A recent study posted to the medRxiv* pre-print server investigated the preferences of younger Canadian adults towards coronavirus disease 2019 (COVID-19) vaccination.
To date, there have been 430 million confirmed cases of COVID-19, including 5.9 million deaths, globally. The advent of severe acute respiratory syndrome coronavirus 2 (SARS-CoV-2) vaccines has been crucial in containing the impact of the pandemic. However, negative notions about the vaccines and the subsequent vaccine refusal by younger adults have become a major cause of concern for public health.
About the study
The present study assessed the preferences of young adults in Canada towards preventive health measures related to COVID-19 and vaccination strategies, and also examined the impact of these preferences on vaccine acceptability.
A cross-sectional design combined with a web-based survey was used to perform the study on 18 to 39 years old Canadian adults, irrespective of their COVID-19 vaccination status. The participants answered questionnaires on devices like smartphones or computers.
Sociodemographic factors included continuous variables like age and categorical variables like gender, province, ethnicity, perception of self as a visible minority, religious beliefs affecting health-related decisions, language spoken at home, education level, and income. Variables of provinces or territories were re-categorized to include Central, Western, or Atlantic Canada; ethnic origins were re-categorized into North American, Asian, European, or Other; and gender identities were re-categorized into female, male, and gender diverse.
The survey also included questions regarding COVID-19 vaccine acceptability like the status of the healthcare professional, whether they were a caregiver of an older person, whether a flu vaccine was received in the last 12 months, and COVID-19-positivity status of oneself, family, or friends.
The Precaution Adoption Process Model (PAPM) was used to assess the acceptability of the COVID-19 vaccine by including five intention stages for the participants to select, namely, unengaged, undecided, decided not to vaccinate, decided to vaccinate, and vaccinated. Preferences for public health measures against COVID-19 and related vaccination were evaluated using case 2 of the Best-Worst-Scale (BWS) methodology. Two domains of preferences were considered for preventive health measures that evaluated preventive health behaviors and government mandates and two domains for vaccination that examined preferences for immunization-specific vaccines and motives for vaccination. The first three domains had 16 questions each while the last domain had nine questions, amounting to a total of 57 questions.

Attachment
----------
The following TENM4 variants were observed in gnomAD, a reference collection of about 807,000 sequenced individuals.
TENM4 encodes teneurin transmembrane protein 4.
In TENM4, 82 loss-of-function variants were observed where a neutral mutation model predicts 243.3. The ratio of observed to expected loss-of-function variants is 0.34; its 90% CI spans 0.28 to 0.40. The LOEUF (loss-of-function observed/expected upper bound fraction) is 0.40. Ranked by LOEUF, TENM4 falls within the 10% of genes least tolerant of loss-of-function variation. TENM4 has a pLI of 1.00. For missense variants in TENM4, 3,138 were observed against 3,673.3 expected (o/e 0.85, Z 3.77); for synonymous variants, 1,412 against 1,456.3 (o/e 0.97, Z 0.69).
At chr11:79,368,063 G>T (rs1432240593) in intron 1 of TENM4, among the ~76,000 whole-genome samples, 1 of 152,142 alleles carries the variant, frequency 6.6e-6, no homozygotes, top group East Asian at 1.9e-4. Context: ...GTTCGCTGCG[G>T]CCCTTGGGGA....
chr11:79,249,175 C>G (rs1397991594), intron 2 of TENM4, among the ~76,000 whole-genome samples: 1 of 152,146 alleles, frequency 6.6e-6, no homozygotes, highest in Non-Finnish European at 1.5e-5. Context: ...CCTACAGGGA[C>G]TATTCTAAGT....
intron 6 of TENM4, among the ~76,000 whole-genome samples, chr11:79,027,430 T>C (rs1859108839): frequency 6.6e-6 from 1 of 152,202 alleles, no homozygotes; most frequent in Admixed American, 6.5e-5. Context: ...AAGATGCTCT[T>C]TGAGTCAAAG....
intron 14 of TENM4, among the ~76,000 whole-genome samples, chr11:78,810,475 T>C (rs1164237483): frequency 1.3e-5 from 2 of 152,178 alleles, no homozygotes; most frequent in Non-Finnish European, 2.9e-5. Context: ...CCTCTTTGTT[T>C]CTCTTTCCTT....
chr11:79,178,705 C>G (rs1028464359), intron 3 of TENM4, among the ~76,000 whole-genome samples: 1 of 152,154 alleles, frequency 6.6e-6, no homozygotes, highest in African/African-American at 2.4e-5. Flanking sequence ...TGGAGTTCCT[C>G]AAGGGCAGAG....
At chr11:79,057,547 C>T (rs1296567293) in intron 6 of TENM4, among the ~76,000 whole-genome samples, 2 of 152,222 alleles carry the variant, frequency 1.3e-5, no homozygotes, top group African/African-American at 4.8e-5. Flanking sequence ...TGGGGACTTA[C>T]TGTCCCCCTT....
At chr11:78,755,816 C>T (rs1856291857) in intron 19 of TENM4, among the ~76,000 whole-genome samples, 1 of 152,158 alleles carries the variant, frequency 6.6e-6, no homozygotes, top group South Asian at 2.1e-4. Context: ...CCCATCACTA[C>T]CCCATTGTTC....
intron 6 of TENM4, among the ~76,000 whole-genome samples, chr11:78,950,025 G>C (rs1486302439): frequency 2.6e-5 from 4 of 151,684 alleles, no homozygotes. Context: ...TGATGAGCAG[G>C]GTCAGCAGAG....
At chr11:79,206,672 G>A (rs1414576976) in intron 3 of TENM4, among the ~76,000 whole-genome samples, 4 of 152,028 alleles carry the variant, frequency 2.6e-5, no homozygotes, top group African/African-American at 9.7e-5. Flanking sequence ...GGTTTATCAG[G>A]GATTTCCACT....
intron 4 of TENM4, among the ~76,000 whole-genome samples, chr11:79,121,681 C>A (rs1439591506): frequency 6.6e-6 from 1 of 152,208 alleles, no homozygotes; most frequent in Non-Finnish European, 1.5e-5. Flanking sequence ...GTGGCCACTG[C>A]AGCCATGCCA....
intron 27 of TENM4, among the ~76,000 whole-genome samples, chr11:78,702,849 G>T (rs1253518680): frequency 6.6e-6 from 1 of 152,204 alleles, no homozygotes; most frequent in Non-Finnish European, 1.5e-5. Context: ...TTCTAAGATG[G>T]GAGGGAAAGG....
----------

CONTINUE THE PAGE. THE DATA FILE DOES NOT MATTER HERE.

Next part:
In the period between 6 and 18 August 2021, a total of 266 participants were eligible for the study. Over 25% of the participants were hesitant to receive their vaccines, which included 7.5% of the individuals choosing unengaged interest in receiving the vaccines, 11.3% undecided participants, and 6.8% who decided not to receive the vaccine. Vaccine acceptance was exhibited by 74.4% of the participants among which 7.5% of individuals had decided to receive the vaccine while 66.9% were already vaccinated.
Among preventive health behavior showcased at the attribute level, physical distancing was the most preferred followed by the mandate to wear face masks, while the least preferred behavior was concerning the maintenance of better general hygiene and respiratory etiquettes. On the domain level, avoiding exposure to crowded or closed spaces was the most preferred behavior while the least preferred one was the mandate to wear face masks in open spaces. However, participants preferred wearing a mask while shopping or during transportation and in instances when a distance of two meters cannot be maintained in an open space. With respect to respiratory etiquette, participants preferred hand washing more than maintaining sneezing etiquette.
Among the government mandates, the most preferred behavior was the request to provide health proof, followed by the imposition of travel-related limitations, while measures undertaken to reduce viral transmission were the least preferred. Among attribute-related preferences for government mandates, provision of vaccination proof before entering Canada was the most preferred as compared to proofs for attending work or school while orders to stay at home in the evening or overnight were least preferred. Also, participants appreciated mandatory testing measures and quarantine required to enter Canada but did not prefer restrictions placed on travel between provinces.
Among immunization-specific attributes tested, vaccine accessibility was the most preferred as compared to the vaccination status of fellow people and vaccine dosing, while the pairing of the flu vaccine with the COVID-19 vaccine was the least preferred attribute. On an attribute level in the immunization-specific domain concerning vaccine dosing, the highest and the lowest preferred attributes were receiving two doses of vaccine from the same brand and different brands, respectively.
The study findings showed that the BWS approach in younger adults could be used to devise evidence-based guidelines as per public preferences while also motivating public compliance to preventive health measures and in turn improving COVID-19 vaccination rates.
medRxiv publishes preliminary scientific reports that are not peer-reviewed and, therefore, should not be regarded as conclusive, guide clinical practice/health-related behavior, or treated as established information.